This was originally posted on my own site.

It’s been just over two years since Chris wrote his magnum opus about The Great Divide. It really resonated with me, and a lot of other people.

The crux of it is that the phrase “front-end development” has become so broad and applies to so many things, that it has effectively lost its usefulness:

Two front-end developers are sitting at a bar. They have nothing to talk about.

Brad nailed the differences in responsibilities when he described them as front-of-the-front-end and back-of-the-front-end web development:

A front-of-the-front-end developer is a web developer who specializes in writing HTML, CSS, and presentational JavaScript code.

A back-of-the-front-end developer is a web developer who specializes in writing JavaScript code necessary to make a web application function properly.

In my experience, the term “full stack developer” is often self-applied by back-of-the-front-end developers who perhaps underestimate the complexity of front-of-the-front development.

Me, I’m very much a front-of-the-front developer. And the dev work we do at Clearleft very much falls into that realm.

This division of roles and responsibilities reminds me of a decision we made in the founding days of Clearleft. Would we attempt to be a full-service agency, delivering everything from design to launch? Or would we specialise? We decided to specialise, doubling down on UX design, which was at the time an under-served area. But we still decided to do front-end development. We felt that working with the materials of the web would allow us to deliver better UX.

We made a conscious decision not to do back-end development. Partly it was a question of scale. If you were a back-end shop, you probably had to double down on one stack: PHP or Ruby or Python. We didn’t want to have to turn away any clients based on their tech stack. Of course this meant that we had to partner with other agencies that specialised in those stacks, and that’s what we did — we had trusted partners for Drupal development, Rails development, Wordpress development, and so on.

The world of front-end development didn’t have that kind of fragmentation. The only real split at the time was between Flash agencies and web standards (HTML, CSS, and JavaScript).

Overall, our decision to avoid back-end development stood us in good stead. There were plenty of challenges though. We had to learn how to avoid “throwing stuff over the wall” at whoever would be doing the final back-end implementation. I think that’s why we latched on to design systems so early. It was clearly a better deliverable for the people building the final site — much better than mock-ups or pages.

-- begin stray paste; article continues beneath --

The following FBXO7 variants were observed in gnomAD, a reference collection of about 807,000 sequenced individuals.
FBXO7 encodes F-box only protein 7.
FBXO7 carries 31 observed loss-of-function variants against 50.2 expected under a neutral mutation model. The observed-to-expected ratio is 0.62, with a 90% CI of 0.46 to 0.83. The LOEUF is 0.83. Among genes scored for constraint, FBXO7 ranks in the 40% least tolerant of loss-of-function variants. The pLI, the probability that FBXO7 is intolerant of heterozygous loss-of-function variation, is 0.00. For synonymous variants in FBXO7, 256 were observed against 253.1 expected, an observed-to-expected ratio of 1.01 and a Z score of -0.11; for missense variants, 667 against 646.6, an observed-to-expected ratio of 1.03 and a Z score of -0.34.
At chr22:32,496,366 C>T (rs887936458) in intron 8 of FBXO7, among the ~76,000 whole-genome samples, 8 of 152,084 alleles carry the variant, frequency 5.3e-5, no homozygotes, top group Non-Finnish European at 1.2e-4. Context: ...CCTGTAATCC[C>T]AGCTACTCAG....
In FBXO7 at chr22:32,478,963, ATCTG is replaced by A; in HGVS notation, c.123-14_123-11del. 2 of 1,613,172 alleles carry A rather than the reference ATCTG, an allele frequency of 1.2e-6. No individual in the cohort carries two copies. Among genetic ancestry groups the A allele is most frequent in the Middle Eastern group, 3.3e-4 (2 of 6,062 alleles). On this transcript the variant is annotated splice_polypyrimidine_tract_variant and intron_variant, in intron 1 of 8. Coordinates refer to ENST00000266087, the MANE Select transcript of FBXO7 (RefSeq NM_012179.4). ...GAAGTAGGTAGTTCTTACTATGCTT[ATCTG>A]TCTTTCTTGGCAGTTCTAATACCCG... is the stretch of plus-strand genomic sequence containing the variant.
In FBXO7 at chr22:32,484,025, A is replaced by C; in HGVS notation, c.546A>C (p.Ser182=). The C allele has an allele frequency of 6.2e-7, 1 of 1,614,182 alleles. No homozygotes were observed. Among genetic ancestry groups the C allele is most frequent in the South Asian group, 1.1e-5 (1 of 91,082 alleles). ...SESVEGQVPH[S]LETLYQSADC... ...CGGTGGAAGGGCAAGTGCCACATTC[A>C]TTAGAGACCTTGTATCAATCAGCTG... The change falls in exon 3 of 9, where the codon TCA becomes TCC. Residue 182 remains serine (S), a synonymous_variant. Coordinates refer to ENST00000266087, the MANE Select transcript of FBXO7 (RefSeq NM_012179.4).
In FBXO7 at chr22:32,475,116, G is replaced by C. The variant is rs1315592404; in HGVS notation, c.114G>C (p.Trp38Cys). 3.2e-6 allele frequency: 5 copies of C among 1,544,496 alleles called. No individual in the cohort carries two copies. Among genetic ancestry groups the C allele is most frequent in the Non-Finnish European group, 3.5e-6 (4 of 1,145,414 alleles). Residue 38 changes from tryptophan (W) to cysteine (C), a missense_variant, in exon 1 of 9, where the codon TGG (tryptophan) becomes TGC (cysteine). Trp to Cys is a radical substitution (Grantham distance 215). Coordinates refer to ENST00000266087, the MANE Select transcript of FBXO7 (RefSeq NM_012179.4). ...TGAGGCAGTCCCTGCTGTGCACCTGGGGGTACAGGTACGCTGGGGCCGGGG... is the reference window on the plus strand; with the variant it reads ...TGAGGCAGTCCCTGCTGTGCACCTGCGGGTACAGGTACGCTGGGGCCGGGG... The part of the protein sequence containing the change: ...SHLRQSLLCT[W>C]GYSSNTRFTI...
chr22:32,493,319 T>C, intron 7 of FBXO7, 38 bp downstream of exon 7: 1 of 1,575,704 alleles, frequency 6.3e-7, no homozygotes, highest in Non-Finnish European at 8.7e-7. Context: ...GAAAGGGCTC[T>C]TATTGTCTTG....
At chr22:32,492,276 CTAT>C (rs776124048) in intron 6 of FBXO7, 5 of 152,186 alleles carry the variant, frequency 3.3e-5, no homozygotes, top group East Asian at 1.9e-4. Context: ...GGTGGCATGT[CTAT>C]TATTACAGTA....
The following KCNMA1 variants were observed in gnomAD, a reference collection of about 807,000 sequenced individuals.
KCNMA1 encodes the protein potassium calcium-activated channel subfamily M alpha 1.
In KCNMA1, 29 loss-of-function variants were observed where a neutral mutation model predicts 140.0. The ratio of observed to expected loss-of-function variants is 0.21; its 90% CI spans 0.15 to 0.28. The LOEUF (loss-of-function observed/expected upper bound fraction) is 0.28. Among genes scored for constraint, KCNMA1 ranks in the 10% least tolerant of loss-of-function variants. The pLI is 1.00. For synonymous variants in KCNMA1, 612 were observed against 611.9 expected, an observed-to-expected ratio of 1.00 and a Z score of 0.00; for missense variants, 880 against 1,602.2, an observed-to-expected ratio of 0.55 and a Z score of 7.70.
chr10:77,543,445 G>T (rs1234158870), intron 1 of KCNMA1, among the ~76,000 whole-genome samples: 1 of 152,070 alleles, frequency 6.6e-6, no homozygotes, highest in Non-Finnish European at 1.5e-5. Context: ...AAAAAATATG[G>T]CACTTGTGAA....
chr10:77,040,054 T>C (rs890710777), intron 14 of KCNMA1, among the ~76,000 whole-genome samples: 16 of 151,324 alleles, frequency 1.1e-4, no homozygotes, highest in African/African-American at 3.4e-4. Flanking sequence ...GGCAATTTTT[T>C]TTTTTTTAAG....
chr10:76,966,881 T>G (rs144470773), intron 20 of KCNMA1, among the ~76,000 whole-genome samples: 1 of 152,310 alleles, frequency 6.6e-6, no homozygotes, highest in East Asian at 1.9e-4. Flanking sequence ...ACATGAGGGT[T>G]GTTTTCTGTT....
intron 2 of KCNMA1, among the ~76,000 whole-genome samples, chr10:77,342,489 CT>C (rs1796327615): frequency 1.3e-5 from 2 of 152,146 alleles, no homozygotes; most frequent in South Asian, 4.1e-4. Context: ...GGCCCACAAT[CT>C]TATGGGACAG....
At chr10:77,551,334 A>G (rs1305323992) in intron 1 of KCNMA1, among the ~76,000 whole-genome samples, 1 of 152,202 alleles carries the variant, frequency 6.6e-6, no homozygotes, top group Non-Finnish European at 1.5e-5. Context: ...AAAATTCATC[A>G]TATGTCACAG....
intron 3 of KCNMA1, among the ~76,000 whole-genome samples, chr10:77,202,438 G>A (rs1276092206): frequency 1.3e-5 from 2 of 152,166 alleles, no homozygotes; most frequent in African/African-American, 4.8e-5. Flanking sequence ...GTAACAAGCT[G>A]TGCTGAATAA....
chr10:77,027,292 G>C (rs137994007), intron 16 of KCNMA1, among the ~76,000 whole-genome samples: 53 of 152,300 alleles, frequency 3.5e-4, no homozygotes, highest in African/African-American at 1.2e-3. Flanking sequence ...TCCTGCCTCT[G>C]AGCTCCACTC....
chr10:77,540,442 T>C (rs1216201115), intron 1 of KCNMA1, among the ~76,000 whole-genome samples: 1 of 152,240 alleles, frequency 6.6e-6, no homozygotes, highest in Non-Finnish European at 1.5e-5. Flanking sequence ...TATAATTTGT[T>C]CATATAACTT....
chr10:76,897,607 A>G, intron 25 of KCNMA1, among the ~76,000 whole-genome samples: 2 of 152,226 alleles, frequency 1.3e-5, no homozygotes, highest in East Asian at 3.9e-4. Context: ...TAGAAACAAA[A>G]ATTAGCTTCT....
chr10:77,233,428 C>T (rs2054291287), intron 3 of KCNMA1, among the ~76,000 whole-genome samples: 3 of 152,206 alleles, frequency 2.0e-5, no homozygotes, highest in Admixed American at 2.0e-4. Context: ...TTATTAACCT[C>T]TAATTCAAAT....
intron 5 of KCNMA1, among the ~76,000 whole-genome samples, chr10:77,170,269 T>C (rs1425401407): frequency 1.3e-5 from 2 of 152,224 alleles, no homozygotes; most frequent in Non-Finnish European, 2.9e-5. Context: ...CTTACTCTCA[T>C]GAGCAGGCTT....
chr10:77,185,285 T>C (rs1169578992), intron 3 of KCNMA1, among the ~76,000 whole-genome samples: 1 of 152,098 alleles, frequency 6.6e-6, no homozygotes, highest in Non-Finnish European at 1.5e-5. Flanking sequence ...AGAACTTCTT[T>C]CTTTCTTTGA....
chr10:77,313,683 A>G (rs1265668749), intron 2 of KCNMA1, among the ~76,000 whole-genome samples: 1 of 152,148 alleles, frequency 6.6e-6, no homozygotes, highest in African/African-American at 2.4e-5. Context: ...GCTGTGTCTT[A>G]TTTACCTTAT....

Avoiding back-end development meant we also avoided long-term lock-in with maintainence, security, hosting, and so on. It might sound strange for an agency to actively avoid long-term revenue streams, but at Clearleft it’s always been our philosophy to make ourselves redundant. We want to give our clients everything they need — both in terms of deliverables and knowledge — so that they aren’t dependent on us.

That all worked great as long as there was a clear distinction between front-end development and back-end development. Front-end development was anything that happened in a browser. Back-end development was anything that happened on the server.

But as the waters muddied and complex business logic migrated from the server to the client, our offering became harder to clarify. We’d tell clients that we did front-end development (meaning we’d supply them with components formed of HTML, CSS, and JavaScript) and they might expect us to write application logic in React.

That’s why Brad’s framing resonated with me. Clearleft does front-of-front-end development, but we liaise with our clients’ back-of-the-front-end developers. In fact, that bridging work — between design and implementation — is where devs at Clearleft shine.

As much as I can relate to the term front-of-front-end, it doesn’t exactly roll off the tongue. I don’t expect it to be anyone’s job title anytime soon.

That’s why I was so excited by the term “design engineer,” which I think I first heard from Natalya Shelburne. There’s even a book about it and the job description sounds very much like the front-of-the-front-end work but with a heavy emphasis on the collaboration and translation between design and implementation. As Trys puts it:

What I love about the name “Design Engineer”, is that it’s entirely focused on the handshake between those two other roles.

There’s no mention of UI, CSS, front-end, design systems, documentation, prototyping, tooling or any ‘hard’ skills that could be used in the role itself.

Trys has been doing some soul-searching and has come to the conclusion “I think I might be a design engineer…”. He has also written on the Clearleft blog about how well the term describes design and development at Clearleft.

Personally, I’m not a fan of using the term “engineer” to refer to anyone who isn’t actually a qualified engineer — I explain why in my talk Building — but I accept that that particular ship has sailed. And the term “design developer” just sounds odd. So I’m all in using the term “design engineer”.

I can imagine this phrase being used in a job ad. It could also be attached to levels: a junior design engineer, a mid-level design engineer, a senior design engineer; each level having different mixes of code and collaboration (maybe a head of design enginering never writes any code).

Trys has written a whole series of posts on the nitty-gritty work involved in design engineering. I highly recommend reading all of them:

This was originally posted on my own site.